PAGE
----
CJ 200 Criminology
F1T 2007 DLC
MBA in Criminal Justice, Saint Leo University
Criminology Today, An Integrative
Introduction, 4th edition, by Frank Schmalleger (Pearson Prentice Hall
2006) ISBN 0-13-170210-6. No CD/DVD required.
Textbooks can be purchased through the MBS bookstore
Textbooks can be purchased through the Parkville Bookstore
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Educational Philosophy: The facilitator's educational philosophy is one of interactiveness based on lectures, readings, quizzes, examinations, websites, and dialogue through the threaded discussion.
Learning Outcomes: Core Learning Outcomes
For CJ200, all students will complete an essay, 6-8 pages (1,500 to 2,000 words) in length (excluding the cover sheet and bibliography pages) which compares and contrasts two of the theories of crime and criminal activity discussed in the course. You are free to select the theories you wish to examine. It is also acceptable to compare or contrast theories from different disciplines. In other words, you may choose to compare one of the sociological theories with a similar perspective in the psychological theories. Your essay should consider the historical foundations of the study of criminal behavior; and examine ways in which society responds to criminal behavior in terms of prevention and punishment. The paper should be written in APA format and have at least four sources, three of which should be sources not covered in the course. The essay should contain a title page, an outline, and a bibliography.
Link to Class RubricClass Assessment: A variety of methods will be used to assess the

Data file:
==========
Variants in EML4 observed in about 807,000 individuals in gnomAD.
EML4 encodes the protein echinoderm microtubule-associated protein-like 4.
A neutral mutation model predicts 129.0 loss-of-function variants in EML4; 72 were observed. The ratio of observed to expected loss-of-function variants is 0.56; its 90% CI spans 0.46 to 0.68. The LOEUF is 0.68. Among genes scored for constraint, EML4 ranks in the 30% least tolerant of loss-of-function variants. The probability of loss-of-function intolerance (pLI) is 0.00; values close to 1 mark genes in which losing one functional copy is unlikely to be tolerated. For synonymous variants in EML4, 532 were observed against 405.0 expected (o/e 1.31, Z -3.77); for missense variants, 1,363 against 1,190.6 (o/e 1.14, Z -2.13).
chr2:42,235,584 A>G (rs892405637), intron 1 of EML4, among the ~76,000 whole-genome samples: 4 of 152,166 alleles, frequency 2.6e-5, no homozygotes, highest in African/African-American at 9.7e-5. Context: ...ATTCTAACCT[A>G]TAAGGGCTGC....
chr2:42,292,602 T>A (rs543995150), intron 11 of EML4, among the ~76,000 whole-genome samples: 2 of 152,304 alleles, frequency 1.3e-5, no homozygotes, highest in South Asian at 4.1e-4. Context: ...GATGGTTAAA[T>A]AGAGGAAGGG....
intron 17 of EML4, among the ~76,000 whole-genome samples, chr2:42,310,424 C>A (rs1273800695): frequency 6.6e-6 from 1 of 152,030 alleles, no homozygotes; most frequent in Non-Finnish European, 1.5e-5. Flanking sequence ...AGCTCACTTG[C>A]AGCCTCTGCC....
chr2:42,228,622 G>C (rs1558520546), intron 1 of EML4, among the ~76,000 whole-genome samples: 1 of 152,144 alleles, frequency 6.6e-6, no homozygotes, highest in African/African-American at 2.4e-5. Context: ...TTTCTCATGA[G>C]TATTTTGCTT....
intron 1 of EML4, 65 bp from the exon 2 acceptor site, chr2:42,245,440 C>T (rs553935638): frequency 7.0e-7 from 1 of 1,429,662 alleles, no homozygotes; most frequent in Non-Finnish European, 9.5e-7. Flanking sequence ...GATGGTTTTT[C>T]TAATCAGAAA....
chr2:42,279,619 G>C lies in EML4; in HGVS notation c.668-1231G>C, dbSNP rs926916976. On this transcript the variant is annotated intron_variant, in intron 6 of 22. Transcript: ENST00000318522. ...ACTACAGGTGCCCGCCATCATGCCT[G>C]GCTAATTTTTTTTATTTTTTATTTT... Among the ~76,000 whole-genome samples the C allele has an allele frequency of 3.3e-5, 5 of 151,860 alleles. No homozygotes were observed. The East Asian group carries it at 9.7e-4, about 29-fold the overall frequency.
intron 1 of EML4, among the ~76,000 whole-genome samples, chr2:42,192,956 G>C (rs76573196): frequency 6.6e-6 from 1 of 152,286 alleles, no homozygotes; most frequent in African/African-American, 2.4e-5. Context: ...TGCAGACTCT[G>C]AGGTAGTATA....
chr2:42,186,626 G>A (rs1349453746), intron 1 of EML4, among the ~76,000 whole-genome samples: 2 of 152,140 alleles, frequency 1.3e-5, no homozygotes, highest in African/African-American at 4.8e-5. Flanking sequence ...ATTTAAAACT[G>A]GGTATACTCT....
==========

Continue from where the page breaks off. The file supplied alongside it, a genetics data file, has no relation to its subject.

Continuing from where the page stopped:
learning that occurs in this course. Students will be assessed on
their class participation, performance on quizzes and/or examination,
essay and/or paper writing. There will also be opportunities to work
in groups, and to be assessed based on individual and group
Discussions: Students are expected to participate in the threaded discussions a minimum of three times per week. Your first post should be made by midnight on Wednesday, with two follow up posts made by midnight on Sunday. Your posts should be substantial and demonstrate your knowledge of the topic.
Written Assignments: Written assignments are to be submitted in Word or Rich Text Format. WordPerfect files will not be accepted. On average, your papers should be approximately two double-spaced pages. Please be sure to use proper spelling, grammar, and write in complete sentences.
Core Assessment: The core assessment in this course is the essay paper indicated above. This core assessment will be taken in week 8 of the course and is worth 20% of your final grade.
Grading: All assignments are due by 11:59 p.m. Central Time each Sunday.Course
grades are determined on the following allocation of points:
Threaded Discussion 30%
Written Assignments 25%
Final examination 25%
Core Assessment Essay 20%
Point accumulation for grades:
900-1000 points A
800-899 points B
700-799 points C
600-699 points D
0-599 points F
Late Submission of Course Materials: Late work is not accepted unless prevously authorized by the facilitator.